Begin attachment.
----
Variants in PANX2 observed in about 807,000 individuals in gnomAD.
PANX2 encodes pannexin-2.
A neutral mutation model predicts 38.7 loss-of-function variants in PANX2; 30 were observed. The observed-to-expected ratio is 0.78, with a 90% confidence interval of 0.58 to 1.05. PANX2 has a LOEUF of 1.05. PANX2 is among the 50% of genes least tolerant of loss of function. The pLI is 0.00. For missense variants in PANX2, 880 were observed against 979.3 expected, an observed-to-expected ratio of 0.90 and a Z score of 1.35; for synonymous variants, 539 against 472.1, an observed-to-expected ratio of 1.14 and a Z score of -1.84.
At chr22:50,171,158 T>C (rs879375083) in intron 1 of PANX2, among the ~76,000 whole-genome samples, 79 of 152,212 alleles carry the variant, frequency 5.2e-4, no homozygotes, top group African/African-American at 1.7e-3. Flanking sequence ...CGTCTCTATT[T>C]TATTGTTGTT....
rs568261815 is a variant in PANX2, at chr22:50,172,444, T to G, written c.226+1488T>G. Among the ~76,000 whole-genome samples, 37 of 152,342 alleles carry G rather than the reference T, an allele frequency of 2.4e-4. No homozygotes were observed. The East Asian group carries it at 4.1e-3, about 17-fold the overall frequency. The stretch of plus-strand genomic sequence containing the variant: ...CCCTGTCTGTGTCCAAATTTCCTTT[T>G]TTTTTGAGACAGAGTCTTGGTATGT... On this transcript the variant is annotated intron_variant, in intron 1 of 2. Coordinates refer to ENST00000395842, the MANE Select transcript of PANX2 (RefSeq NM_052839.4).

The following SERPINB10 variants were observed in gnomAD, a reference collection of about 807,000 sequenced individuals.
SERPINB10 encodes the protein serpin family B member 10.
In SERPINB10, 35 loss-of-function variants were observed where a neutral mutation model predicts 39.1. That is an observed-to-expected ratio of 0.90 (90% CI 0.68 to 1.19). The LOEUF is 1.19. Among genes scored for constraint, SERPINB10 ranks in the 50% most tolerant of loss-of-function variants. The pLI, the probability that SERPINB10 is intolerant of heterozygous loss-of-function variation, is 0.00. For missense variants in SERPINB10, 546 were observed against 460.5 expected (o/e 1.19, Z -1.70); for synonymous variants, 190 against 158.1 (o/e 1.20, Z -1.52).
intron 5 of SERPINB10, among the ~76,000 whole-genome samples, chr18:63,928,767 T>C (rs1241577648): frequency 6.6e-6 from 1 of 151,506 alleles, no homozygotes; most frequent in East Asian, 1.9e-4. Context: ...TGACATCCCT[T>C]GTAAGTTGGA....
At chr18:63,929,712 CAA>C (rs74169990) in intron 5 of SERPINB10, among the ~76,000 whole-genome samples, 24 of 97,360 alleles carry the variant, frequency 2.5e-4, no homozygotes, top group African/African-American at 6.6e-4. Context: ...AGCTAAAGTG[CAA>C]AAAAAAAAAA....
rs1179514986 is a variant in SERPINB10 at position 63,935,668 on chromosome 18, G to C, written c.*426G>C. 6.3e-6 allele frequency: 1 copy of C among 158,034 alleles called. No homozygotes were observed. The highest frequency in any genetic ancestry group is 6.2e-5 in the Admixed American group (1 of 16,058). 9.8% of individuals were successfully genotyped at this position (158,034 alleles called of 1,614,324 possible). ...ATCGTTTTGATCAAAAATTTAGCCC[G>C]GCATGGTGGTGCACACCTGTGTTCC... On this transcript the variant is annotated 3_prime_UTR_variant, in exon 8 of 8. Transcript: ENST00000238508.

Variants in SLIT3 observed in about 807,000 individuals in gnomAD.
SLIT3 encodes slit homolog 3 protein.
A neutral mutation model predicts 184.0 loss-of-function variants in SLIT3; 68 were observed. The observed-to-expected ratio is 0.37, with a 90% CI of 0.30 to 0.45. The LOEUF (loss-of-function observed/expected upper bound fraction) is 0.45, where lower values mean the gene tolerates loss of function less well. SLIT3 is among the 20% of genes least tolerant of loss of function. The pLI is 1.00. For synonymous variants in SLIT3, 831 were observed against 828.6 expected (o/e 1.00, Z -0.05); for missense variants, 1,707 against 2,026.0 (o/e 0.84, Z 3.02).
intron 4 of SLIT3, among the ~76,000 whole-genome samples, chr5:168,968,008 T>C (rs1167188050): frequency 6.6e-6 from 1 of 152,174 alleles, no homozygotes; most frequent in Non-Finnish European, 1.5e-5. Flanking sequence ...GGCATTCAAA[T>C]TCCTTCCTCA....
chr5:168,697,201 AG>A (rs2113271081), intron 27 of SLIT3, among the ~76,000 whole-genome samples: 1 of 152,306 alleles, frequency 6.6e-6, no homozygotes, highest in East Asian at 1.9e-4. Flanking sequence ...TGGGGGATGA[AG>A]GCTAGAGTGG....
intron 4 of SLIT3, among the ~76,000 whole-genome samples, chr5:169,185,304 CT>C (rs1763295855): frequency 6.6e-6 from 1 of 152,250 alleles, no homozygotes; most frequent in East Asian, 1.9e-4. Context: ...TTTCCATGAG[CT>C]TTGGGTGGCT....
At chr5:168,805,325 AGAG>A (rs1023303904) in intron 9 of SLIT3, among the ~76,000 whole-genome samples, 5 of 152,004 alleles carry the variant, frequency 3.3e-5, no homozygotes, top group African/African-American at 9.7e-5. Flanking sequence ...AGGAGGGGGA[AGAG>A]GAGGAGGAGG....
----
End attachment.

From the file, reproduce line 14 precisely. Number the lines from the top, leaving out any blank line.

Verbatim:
A neutral mutation model predicts 184.0 loss-of-function variants in SLIT3; 68 were observed. The observed-to-expected ratio is 0.37, with a 90% CI of 0.30 to 0.45. The LOEUF (loss-of-function observed/expected upper bound fraction) is 0.45, where lower values mean the gene tolerates loss of function less well. SLIT3 is among the 20% of genes least tolerant of loss of function. The pLI is 1.00. For synonymous variants in SLIT3, 831 were observed against 828.6 expected (o/e 1.00, Z -0.05); for missense variants, 1,707 against 2,026.0 (o/e 0.84, Z 3.02).